Forthcoming in the Arizona State Law Journal
The rise of algorithm-driven decisionmaking enabled by Big Data has generated widespread concern among legal scholars. However, few critics have considered data on people’s existing preferences about the role of algorithms in decision systems. This Article uses empirical analysis of a novel, large dataset of consumer surveys to elucidate those preferences. The surveys explore whether people prefer to have an algorithm or a human determine an outcome affecting their welfare in a range of representative scenarios with varying stakes. The Article examines how preferences change when one type of decisionmaker produces results that are more accurate, faster, cheaper, or that incorporate private personal information. And it analyzes anchoring effects from the initial assignment of a decisionmaker, along with interactions among these variables, to test how malleable views about algorithms are.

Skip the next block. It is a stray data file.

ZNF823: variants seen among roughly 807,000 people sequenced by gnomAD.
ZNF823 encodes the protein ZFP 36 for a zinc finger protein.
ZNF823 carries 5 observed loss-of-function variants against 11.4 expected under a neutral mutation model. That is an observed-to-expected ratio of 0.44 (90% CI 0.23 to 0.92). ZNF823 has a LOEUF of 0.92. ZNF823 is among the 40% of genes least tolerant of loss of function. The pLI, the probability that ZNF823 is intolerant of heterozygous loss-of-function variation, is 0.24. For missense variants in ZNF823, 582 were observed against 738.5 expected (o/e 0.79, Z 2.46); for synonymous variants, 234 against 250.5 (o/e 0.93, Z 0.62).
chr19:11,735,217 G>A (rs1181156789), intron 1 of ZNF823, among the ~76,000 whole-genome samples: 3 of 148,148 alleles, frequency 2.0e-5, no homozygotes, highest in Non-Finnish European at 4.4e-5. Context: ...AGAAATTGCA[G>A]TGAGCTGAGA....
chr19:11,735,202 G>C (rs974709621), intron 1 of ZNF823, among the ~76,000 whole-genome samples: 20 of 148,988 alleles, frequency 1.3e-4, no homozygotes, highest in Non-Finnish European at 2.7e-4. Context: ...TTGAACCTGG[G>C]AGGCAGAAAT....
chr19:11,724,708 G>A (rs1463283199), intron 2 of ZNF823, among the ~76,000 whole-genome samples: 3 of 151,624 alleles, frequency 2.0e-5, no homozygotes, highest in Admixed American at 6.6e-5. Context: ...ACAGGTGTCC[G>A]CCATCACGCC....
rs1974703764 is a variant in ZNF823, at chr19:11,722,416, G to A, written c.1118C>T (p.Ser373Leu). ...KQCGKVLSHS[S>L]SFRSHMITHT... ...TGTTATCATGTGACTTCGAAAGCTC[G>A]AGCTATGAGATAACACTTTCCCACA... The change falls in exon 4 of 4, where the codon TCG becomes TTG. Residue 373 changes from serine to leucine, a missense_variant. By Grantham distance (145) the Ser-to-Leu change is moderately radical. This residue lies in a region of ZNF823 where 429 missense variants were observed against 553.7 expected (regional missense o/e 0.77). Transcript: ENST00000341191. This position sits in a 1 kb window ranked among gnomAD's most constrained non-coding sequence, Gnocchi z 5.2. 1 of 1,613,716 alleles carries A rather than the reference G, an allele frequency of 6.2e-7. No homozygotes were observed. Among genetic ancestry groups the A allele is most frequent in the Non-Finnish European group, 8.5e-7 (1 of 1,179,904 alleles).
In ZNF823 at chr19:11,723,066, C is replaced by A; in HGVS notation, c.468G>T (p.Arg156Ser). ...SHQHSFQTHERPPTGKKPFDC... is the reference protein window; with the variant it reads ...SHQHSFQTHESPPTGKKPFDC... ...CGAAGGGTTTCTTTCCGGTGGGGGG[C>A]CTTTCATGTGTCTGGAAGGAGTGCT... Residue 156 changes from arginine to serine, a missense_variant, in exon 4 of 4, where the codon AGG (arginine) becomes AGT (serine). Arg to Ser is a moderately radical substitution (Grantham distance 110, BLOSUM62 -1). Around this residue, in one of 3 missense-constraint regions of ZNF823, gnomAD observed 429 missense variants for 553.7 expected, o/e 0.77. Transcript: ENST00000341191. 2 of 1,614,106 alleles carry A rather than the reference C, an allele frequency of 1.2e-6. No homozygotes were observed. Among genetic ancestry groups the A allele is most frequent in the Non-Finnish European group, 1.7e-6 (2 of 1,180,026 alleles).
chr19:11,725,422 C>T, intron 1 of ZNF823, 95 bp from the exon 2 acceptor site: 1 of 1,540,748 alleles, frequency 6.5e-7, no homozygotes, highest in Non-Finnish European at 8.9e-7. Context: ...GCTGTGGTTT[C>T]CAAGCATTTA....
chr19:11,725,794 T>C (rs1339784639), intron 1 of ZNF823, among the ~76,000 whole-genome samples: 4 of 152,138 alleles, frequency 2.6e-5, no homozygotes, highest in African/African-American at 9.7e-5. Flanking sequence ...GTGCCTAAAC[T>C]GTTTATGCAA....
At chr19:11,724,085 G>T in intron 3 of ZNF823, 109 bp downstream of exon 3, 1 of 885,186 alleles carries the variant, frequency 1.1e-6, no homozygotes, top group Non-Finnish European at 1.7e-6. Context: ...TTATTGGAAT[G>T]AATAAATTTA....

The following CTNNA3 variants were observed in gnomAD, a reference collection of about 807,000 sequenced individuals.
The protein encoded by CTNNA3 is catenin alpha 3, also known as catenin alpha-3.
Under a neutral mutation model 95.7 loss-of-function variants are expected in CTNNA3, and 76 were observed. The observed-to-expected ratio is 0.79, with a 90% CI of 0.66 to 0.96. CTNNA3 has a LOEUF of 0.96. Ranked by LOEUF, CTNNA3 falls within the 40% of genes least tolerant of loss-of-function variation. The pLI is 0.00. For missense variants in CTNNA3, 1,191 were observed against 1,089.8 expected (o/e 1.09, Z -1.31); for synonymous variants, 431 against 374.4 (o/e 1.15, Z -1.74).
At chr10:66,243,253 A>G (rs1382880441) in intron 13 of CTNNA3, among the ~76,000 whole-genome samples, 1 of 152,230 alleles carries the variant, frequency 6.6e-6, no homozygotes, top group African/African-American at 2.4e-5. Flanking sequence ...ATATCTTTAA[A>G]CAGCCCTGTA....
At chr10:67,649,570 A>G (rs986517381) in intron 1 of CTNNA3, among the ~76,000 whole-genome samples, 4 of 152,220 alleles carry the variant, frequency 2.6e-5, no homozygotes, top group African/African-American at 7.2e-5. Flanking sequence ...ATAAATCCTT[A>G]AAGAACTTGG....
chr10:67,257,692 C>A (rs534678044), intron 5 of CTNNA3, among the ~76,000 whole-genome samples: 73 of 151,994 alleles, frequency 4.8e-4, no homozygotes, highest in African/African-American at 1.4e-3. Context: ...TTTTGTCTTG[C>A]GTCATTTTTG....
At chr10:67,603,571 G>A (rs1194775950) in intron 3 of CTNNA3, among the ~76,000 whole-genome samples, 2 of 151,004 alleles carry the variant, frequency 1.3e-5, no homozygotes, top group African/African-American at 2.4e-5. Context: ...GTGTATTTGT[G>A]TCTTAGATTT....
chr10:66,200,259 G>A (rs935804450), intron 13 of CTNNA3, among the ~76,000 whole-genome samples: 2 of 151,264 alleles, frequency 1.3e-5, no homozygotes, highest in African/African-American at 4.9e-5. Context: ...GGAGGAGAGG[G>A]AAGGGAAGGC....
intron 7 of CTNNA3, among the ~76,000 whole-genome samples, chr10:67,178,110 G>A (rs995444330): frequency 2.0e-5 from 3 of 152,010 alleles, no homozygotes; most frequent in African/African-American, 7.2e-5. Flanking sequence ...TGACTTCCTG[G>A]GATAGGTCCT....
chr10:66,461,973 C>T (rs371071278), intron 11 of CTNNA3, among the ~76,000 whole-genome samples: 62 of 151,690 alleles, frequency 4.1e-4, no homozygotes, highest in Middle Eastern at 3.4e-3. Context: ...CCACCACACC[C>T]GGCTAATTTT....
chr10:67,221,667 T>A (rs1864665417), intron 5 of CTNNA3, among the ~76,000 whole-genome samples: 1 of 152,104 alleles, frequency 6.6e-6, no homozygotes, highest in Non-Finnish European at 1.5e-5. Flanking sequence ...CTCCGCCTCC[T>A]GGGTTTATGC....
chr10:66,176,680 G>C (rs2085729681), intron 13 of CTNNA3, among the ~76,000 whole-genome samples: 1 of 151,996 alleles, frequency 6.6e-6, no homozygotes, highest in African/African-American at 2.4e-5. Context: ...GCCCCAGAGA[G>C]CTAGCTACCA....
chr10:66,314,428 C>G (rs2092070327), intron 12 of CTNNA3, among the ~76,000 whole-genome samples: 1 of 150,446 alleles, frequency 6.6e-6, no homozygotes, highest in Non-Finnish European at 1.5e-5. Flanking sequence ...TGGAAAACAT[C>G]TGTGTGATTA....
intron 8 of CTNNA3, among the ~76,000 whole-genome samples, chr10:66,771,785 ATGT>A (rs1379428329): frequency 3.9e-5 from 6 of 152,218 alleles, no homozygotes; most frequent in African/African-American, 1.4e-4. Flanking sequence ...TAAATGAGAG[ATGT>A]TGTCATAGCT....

The study’s empirical results call the conventional wisdom sharply into question. People often preferred to have an algorithm decide, especially when the mathematical models offered benefits relative to humans. In particular, consumer preferences are highly sensitive to the relative costs or benefits of the two decisionmakers—even more so than to relative accuracy. The stickiness of default settings demonstrates that preferences are often path-dependent, emphasizing the importance of sound policy choices for algorithmic governance. The Article concludes by elaborating the policy implications of its empirical findings. It contends that consumer preferences deserve greater weight in regulatory choices; that transparency efforts should concentrate on the benefits or costs of algorithms to consumers; and that policy should treat high-stakes decisions differently from less weighty ones. And its data-driven findings can help shape reforms that are both effective for and acceptable to consumers.